“Welcome to the Flagstar Bank Account Reactivation System”. The “system” then proceeds to ask you ask you a series of questions: 1) Card number 2) Four digit expiration date 3) ATM pin code 4) Three digit security code (CVV2)… everything they would need to start draining your bank account or running up charges on your credit card. We simply started entering numbers, beginning with “1” for each question. There obviously wasn’t a process to validate if the information was entered correctly. It was merely a recorder hoping to collect and steal credit and debit card information for these criminals. After inputting the numbers, the system informed us that our account had been reactivated.
This is the recording of our call-back to the “Account Reactivation System”:
After making our phone call, I contacted Flagstar Bank through their online banking number, to notify them of the attempted fraud. I was told that they had been aware of the problem since Monday the 17th and that the call back number had already been shut off. After trading numbers, however, we realized that our call-back number, (313) 918-1383, was the same number that the bank had. And, that it had not yet (in fact) been shut off.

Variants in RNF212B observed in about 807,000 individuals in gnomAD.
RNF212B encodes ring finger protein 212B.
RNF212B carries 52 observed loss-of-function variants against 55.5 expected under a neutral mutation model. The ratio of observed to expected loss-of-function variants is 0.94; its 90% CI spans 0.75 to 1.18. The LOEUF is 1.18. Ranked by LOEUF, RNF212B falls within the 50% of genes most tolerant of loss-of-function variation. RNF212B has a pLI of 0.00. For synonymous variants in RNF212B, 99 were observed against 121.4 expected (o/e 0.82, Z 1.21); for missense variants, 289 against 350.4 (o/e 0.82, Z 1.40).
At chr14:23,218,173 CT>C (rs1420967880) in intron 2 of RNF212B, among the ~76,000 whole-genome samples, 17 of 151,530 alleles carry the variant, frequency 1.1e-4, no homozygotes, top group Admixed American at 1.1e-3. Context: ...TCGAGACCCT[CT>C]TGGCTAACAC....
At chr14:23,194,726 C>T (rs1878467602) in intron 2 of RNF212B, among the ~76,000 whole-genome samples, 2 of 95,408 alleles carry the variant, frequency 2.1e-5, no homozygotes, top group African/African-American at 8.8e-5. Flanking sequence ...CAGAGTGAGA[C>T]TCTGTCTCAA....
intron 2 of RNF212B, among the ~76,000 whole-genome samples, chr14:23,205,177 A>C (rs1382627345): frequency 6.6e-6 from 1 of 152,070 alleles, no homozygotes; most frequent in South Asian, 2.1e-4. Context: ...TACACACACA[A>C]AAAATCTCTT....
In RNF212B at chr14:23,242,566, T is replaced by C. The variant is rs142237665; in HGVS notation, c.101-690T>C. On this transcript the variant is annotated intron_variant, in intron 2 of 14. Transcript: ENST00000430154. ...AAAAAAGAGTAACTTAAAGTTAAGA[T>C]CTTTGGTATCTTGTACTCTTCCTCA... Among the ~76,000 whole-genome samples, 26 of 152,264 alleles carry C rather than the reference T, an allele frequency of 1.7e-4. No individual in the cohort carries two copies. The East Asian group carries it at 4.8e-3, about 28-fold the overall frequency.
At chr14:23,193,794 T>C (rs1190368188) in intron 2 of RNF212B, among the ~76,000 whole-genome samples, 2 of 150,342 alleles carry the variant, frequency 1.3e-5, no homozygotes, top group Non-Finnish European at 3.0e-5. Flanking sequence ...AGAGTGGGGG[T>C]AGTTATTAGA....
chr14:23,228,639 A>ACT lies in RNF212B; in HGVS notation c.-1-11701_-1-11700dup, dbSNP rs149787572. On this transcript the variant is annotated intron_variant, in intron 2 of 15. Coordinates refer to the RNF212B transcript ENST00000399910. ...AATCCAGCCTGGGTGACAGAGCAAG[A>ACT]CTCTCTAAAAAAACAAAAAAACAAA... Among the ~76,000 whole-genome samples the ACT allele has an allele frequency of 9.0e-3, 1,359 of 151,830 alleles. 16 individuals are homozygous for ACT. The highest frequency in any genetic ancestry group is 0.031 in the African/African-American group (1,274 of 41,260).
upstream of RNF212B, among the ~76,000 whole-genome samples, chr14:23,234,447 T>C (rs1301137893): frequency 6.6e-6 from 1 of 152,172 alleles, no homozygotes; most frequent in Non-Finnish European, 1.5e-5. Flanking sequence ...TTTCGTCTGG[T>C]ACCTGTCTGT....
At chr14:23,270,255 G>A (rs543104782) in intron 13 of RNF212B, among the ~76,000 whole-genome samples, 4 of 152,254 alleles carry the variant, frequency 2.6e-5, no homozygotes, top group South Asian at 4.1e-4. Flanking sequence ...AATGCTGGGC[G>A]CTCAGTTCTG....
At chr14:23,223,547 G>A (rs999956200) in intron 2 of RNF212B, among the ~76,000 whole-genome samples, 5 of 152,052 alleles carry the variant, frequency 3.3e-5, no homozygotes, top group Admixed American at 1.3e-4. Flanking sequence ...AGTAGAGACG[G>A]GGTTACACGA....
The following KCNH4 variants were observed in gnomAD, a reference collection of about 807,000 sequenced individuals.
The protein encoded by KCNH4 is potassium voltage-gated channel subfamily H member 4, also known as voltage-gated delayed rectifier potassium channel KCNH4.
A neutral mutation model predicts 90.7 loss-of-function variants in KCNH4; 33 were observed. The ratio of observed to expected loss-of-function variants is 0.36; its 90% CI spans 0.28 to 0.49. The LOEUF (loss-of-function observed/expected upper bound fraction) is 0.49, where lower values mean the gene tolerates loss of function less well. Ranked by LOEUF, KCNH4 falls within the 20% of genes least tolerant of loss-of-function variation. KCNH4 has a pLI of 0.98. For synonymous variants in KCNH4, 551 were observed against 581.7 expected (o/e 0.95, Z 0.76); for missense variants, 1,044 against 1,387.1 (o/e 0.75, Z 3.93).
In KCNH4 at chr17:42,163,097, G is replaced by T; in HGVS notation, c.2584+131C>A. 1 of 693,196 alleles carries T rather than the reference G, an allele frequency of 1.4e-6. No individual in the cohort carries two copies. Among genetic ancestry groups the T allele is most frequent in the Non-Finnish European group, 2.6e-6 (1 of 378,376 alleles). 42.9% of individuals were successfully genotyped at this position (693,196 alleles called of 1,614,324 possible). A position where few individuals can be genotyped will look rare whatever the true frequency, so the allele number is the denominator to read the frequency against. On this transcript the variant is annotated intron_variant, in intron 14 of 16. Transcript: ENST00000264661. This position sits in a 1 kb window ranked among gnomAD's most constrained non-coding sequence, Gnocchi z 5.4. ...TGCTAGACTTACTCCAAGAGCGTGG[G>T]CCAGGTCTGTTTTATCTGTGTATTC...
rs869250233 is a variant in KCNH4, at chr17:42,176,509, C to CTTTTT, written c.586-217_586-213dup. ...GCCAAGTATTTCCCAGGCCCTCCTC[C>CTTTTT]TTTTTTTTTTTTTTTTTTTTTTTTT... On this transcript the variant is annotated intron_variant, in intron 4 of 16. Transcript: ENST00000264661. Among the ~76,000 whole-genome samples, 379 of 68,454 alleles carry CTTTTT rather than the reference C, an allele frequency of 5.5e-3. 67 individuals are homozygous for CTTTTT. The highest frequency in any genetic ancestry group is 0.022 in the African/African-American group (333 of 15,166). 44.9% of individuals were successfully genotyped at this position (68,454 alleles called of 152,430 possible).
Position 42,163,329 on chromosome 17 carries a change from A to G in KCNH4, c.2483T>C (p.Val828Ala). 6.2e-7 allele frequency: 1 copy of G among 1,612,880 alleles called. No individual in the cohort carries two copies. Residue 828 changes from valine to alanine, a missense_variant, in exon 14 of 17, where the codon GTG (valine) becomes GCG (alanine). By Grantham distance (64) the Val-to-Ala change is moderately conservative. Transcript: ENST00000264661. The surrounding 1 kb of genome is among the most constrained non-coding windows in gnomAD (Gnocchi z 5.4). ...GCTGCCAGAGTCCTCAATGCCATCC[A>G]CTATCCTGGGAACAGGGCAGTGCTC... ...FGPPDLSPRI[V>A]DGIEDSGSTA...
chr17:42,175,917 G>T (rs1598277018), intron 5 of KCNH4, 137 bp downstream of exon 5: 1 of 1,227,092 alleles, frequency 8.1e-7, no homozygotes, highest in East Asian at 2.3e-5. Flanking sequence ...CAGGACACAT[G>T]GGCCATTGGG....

UPDATE – 9/26/07: A call back to this number now confirms that it has been disconnected. Per the pre-recorded message, it is registered to a company that offers phone to IP services worldwide, which leads me to speculate that this scam was possibly perpetrated from outside the United States. However, I cannot be sure of that. In addition, the original number in Georgia, most likely was spoofed. Please keep in mind that the the purpose of this series of articles is not to investigate, but rather to educate you about these practices so that you do not become a victim. We’ll leave the investigation to law enforcement and bank officials. Also, phone to IP has some very useful business and personal applications, but like almost any technology, it can be abused. For more information on the topic, USA Today has an interesting article at the following url: http://www.usatoday.com/tech/news/2006-03-01-caller-id_x.htm